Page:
Wide open spaces, crystal lakes, rambling rivers and mountain trails beckon Kalispell’s residents – and as many as three million visitors to the area yearly – so lace up your hiking boots, dip your paddle, strap on your skis, saddle your horse and come play in our backyard. Kalispell is surrounded by some of the most unspoiled, magnificent natural beauty found anywhere in the United States – 30 minutes to the north lies Glacier National Park, and just to the south and east are the Bob Marshall, Great Bear and Mission Mountains wilderness areas. Combined with 2.3 million acres of Flathead National Forest, the Flathead Valley possesses abundant recreational opportunities and a wealth of natural resources. The area’s state parks also provide ample access to area streams and lakes and more than 130,000 acres of state land. Lone Pine State Park, just south of Kalispell, is a popular getaway for hikers and mountain bikers with a trail that starts right at the edge of town. A short walk from the visitor center leads to a perfect picture bird’s-eye view that stretches from Glacier Park to the north to Flathead Lake and the Swan Mountains to the south.
On warm summer days families cool off at nearby Foy’s Lake which has a boat ramp and public dock for sunbathing and picnicking. Flathead County maintains more than 40 easily accessible parks. The sounds of cheering spectators can be heard at softball, baseball and soccer fields all season long. Nearby, Iven Herron Memorial Park offers equestrian jumps, horse stalls and dressage arenas, and access to a network of hiking and ungroomed cross-country ski trails. Birdwatchers have favorite local hotspots such as Leisure Island next to the Flathead River for spotting ospreys and eagles, meadowlarks and cedar waxwings, and pheasants and other upland gamebirds. Thirty city parks complement the City of Kalispell. The newest, Kidsport Complex, provides 140 acres of fields for youth soccer and baseball. The city’s largest and oldest, 38-acre Woodland Park, was once a private game preserve for Kalispell founder Charles Conrad. Today it features a rose garden, formal garden, a large lagoon which is home to a variety of ducks and geese in the warmer months and a skating rink in the winter, two miles of walking trails and a playground.Additionally, a water park and skateboard park opened in 2004. Lawrence Park, bordering the Stillwater River and Kalispell’s municipal golf course, invites walkers, birdwatchers and picnickers, families and Frisbee golf aficionados. Tennis courts are scattered around town, and the city’s extensive complex of courts near the community college hosts tournament play. Enthusiasts have organized groups for gliding, skydiving, ballooning, skijoring and mountain biking. There’s high-speed auto racing beneath the checkered flag at Raceway Park, and rodeos, concerts and trade shows at Majestic Valley Arena. When snowflakes fly, our spirits rise – Northwest Montana becomes a powder-hound’s paradise offering a whole new range of outdoor activities.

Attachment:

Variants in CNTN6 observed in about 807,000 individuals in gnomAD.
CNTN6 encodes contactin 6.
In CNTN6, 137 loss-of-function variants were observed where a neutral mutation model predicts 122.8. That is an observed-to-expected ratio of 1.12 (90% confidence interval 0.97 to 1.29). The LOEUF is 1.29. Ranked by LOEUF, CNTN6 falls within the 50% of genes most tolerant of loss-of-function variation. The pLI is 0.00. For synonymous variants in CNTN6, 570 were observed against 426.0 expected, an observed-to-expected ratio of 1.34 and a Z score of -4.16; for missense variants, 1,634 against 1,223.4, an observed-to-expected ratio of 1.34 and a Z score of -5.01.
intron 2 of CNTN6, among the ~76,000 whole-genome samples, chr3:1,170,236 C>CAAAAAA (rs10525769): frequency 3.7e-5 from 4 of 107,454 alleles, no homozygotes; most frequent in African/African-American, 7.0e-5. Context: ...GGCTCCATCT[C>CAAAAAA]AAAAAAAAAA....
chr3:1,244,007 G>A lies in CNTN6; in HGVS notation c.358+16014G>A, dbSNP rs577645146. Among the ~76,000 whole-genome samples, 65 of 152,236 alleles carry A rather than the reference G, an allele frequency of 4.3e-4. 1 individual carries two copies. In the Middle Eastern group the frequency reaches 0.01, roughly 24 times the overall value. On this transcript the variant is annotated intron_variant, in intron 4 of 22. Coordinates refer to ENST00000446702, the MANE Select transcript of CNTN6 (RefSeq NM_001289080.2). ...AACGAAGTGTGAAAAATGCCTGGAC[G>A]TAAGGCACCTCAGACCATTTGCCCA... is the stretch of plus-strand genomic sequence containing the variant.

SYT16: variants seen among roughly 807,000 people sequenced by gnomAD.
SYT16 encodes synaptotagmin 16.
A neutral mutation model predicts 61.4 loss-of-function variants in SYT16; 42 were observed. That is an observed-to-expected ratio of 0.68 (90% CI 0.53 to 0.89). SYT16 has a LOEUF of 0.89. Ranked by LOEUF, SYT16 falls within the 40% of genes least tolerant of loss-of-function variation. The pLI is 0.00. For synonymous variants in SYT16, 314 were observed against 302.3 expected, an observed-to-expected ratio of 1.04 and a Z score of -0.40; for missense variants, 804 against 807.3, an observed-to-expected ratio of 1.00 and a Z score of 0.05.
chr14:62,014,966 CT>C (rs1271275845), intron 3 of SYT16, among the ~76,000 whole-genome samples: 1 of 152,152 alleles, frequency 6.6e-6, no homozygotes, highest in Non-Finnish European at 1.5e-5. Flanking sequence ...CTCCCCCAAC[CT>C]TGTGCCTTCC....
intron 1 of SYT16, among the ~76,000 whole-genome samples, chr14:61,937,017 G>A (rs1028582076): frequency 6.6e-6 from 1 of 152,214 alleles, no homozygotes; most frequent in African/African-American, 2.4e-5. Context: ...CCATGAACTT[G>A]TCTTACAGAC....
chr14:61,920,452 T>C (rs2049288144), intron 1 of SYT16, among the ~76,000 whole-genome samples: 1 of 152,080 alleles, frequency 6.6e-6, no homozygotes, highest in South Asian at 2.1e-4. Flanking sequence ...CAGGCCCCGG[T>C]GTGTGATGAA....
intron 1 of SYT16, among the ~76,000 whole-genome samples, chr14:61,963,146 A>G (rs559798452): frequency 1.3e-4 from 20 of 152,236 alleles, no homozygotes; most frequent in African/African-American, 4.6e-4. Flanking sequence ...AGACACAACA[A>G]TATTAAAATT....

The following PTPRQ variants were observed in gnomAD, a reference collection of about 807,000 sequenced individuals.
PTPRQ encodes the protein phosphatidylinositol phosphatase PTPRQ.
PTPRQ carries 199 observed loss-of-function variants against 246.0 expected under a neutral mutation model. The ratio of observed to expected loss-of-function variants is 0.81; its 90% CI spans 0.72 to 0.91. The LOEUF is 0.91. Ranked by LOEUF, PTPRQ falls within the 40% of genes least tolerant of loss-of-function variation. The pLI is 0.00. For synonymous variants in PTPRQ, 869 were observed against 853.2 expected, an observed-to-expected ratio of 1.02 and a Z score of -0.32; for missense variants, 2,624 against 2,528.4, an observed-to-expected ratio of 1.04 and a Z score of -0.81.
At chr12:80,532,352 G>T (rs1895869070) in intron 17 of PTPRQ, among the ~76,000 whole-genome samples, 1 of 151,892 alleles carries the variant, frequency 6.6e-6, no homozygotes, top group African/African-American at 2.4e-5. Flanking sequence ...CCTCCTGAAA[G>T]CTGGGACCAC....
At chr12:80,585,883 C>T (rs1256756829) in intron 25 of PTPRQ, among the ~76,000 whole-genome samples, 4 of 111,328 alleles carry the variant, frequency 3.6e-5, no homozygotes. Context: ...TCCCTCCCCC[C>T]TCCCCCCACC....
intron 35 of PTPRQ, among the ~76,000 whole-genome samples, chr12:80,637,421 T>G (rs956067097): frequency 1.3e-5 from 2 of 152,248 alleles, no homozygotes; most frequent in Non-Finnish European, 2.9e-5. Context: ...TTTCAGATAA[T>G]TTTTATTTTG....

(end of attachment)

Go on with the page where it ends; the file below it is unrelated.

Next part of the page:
From Kalispell, two downhill ski areas are less than an hour away. Whitefish Mountain Resort, 23 miles north, is a world class resort offering five-star lodging and fine dining, the Glacier Chaser high speed quad lift, and unsurpassed views of Glacier Park and the Flathead Valley. Its 93 marked trails covering 2,353 vertical feet cater to skiers and snowboarders of all ability levels. South of Kalispell is Blacktail Mountain, Montana’s newest ski area. It’s affordable and family friendly with a cozy lodge for fireside lunch breaks and a full bar and grill on the upper level. Its north-facing slopes, high above Flathead Lake, offer consistent snow through mid-April. Cross-country ski trails abound. Track and skate-skiers can choose from miles of groomed trails including the Buffalo Hill and Whitefish Lake Golf Courses, Round Meadows, and the Bigfork Nordic Center for a quick ski in the middle of their day. There are also miles more of ungroomed ski trails available at favorite spots around the valley. And where there are no trails, adventurous skiers and snowshoers blaze their own across thousands of acres of public land. Northwest Montana boasts more than 200 miles of groomed snowmobile trails. Another 2,000 miles of Forest Service roads lead into back country for spectacular ridge top views.